Friday 24 October 2014

Watershed protections online

Earlier this year the Director General of the BBC, Tony Hall, announced plans to make BBC 3 – the corporation’s ‘youth’ channel – a completely online channel.  Despite opposition from presenters and some executives the new head of the BBC Trust, Rona Fairhead, has hinted that the trust will approve the move saying that the BBC should do even more to cater for young viewers who prefer to watch television on their tablets and mobile phones.

Speaking to the culture, media and sport committee she said: “The statistics show that this group are watching less. They are certainly watching very differently…. typically they watch on-the-go through the devices they have.  Catch up television appears to be a way the younger audience will use the BBC and view programmes.”

BBC Three is the most successful youth television station with more viewers aged 16 - 34 than any other youth television station including E4, Sky 1 and ITV2.  Shows such as Bad Education and Being Human attract almost 30% of this age group on a weekly basis; they also attract many much younger viewers.

Over the years the channel has produced some excellent programmes including My Brother the Islamist, Autistic Me, and Blood, Sweat and TShirts.  Earlier this year it broadcast a documentary, Porn, What’s the Harm, which raised some important questions for young adults but was unsuitable for younger children.  However the channel has also broadcast some potentially harmful content including in 2012 Like a Virgin, which followed girls preparing to lose their virginity, in which a bikini wax was given more attention than a safe sex message – which is contrary to government guidelines.

Presently the channel broadcasts from 7pm to 4am, largely post-watershed.  Much of the channel’s content is available online with a parental guidance prompt and can only accessed by ticking a box confirming that the viewer is over 16 – hardly beyond the wit of a much younger child.  Moving this channel online without updating the protections will compound the problem.  Any existing computer filters are unlikely to block access to iPlayer and, as the parental control feature is not widely advertised, it is reasonable to assume that the majority of parents will not have set up controls to protect their children. 

When the BBC Trust looked at the iPlayer back in 2010 we asked them to consider the inadequate protection available.  We called for a more robust system to protect children.  The Trust did not address this in their findings but they did recommend more was done to advertise the available parental controls.  However this has not happened.

We have written to Rona Fairhead outlining our concerns about the lack of protection for children afforded by the BBC’s iPlayer.  We have pointed out that, should BBC 3 move online, these problems will be magnified and we have asked her to consider ways in which the protections offered by the television watershed could be replicated online.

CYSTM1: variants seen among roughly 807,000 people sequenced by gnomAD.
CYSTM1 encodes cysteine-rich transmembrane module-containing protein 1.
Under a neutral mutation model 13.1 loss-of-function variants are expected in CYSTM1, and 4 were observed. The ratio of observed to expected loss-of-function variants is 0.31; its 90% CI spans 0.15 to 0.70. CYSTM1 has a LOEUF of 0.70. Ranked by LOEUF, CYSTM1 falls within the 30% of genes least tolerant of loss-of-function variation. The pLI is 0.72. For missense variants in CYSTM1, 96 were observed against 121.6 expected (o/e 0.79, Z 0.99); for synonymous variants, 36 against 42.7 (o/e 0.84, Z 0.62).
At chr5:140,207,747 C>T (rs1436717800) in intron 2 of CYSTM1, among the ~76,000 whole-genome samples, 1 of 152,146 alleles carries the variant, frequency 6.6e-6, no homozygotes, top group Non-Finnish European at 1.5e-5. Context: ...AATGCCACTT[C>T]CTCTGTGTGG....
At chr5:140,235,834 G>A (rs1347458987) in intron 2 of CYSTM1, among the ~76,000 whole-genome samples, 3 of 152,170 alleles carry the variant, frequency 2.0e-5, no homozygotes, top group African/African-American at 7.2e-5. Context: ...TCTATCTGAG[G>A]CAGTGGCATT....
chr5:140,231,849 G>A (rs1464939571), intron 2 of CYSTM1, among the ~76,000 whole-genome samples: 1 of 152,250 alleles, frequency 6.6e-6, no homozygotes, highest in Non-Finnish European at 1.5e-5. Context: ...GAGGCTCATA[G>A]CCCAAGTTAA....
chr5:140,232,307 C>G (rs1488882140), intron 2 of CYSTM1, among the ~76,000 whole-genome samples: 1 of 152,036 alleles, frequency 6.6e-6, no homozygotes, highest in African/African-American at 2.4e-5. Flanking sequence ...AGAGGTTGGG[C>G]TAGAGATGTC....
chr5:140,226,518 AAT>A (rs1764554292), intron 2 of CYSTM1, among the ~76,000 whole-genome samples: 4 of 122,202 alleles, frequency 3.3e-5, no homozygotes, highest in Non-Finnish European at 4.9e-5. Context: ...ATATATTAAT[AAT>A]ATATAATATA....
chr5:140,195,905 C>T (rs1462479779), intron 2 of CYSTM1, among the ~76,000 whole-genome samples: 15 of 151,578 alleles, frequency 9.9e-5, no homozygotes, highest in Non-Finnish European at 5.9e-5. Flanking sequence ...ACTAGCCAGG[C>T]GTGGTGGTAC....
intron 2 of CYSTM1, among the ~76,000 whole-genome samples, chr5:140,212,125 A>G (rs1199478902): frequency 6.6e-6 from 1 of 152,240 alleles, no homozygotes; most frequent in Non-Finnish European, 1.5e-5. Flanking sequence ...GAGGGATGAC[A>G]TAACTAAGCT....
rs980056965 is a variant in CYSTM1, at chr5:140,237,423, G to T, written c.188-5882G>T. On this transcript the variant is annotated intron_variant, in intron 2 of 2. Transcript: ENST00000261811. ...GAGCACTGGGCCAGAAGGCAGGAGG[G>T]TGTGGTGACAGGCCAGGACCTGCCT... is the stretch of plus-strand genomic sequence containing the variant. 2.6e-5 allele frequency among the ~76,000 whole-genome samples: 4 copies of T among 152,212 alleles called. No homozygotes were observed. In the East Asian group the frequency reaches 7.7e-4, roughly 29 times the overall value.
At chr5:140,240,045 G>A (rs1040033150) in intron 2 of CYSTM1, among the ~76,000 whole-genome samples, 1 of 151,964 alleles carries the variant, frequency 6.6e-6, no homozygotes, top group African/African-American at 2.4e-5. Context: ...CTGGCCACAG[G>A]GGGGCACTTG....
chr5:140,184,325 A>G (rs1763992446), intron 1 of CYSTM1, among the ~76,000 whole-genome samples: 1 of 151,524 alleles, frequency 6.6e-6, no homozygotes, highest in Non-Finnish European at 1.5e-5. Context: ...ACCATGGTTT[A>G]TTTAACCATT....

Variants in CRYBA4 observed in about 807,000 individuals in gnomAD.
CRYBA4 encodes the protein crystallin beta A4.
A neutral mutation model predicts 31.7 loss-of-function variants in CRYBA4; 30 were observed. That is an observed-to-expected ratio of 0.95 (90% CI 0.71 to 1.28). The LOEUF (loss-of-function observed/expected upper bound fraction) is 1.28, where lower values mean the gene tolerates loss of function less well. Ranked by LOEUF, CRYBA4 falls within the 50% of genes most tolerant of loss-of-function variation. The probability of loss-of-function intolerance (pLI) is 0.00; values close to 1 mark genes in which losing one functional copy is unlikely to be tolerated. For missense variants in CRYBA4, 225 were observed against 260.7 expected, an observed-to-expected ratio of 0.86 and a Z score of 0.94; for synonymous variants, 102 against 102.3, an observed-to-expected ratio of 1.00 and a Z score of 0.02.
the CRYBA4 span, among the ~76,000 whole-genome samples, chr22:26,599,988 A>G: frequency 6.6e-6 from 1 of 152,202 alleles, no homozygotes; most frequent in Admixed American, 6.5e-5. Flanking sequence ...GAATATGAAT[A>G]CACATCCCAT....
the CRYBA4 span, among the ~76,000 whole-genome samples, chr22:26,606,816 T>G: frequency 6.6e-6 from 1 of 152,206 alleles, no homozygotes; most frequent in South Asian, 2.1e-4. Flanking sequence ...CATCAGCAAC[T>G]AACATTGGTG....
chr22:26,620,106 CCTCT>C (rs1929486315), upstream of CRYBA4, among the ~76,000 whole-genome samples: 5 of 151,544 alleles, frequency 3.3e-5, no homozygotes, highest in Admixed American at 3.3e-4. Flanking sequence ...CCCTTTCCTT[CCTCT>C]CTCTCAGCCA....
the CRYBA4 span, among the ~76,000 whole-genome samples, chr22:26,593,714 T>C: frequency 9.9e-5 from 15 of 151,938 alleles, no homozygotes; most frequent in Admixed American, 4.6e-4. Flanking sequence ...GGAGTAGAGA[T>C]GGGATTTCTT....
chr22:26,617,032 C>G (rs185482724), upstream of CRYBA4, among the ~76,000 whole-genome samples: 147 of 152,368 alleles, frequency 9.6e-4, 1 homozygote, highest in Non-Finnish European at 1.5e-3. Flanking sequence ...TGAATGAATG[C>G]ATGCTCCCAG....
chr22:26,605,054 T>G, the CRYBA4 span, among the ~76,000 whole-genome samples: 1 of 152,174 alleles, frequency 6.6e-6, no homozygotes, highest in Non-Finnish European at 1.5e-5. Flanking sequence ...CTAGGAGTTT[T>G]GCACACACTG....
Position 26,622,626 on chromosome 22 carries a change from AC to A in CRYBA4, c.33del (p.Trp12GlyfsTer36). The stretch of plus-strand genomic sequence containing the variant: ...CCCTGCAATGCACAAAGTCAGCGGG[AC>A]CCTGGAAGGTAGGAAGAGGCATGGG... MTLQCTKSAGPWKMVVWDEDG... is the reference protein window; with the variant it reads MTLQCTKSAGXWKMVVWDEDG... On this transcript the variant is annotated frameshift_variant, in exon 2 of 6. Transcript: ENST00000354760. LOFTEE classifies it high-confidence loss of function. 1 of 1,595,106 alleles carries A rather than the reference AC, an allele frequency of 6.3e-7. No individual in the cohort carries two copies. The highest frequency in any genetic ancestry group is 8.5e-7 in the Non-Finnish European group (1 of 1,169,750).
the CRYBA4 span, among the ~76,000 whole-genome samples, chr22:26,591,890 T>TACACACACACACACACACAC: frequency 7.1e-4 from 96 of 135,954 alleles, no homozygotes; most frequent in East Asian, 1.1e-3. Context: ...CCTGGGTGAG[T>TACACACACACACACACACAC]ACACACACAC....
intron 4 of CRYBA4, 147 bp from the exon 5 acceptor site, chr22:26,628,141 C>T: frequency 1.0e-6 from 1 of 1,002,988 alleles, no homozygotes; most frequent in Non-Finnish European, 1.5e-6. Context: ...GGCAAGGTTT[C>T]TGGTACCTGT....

Monday 20 October 2014

Mary Whitehouse on the BBC

This is a picture of the projection on the BBC’s Broadcasting House.  Mary Whitehouse was famously blocked from appearing on the BBC during the 1960s because of her criticism of the corporation’s output which she believed was potentially harmful. 

Last Tuesday evening, we projected images of Mary Whitehouse in locations all over London asking people to consider whether or not she was right all along.  At the same time we released the results of new research which we commissioned to mark our anniversary.  We wanted to know what the British public felt about the state of media, its impact on today’s society and whether the public feels confident that complaints about disturbing or unsuitable content are being dealt with effectively.

Our investigation found that, overwhelmingly, the public think programme makers and schedulers crossed the line in allowing increasingly inappropriate content to invade our screens.  Everyone surveyed reported viewing inappropriate content before the watershed, including: violence, sexual activity, racism and offensive language.  However, only 26% had actually done anything to express their dissatisfaction because they do not feel their voices are being heeded when they complain.

The highest percentage of complaints was made about sexual activity (47%), followed by offensive language (38%), violence (36%) and inappropriate adult issues such as drug taking, gambling etc (34%), all shown before the watershed. More people had complained about content involving sexual violence (33%) than about racism or other discriminatory content (21%).   This would not have come as a surprise to Mary Whitehouse who said of television: “if it is sometimes a debasing influence, it could equally be a great ennobling force if we cared enough.”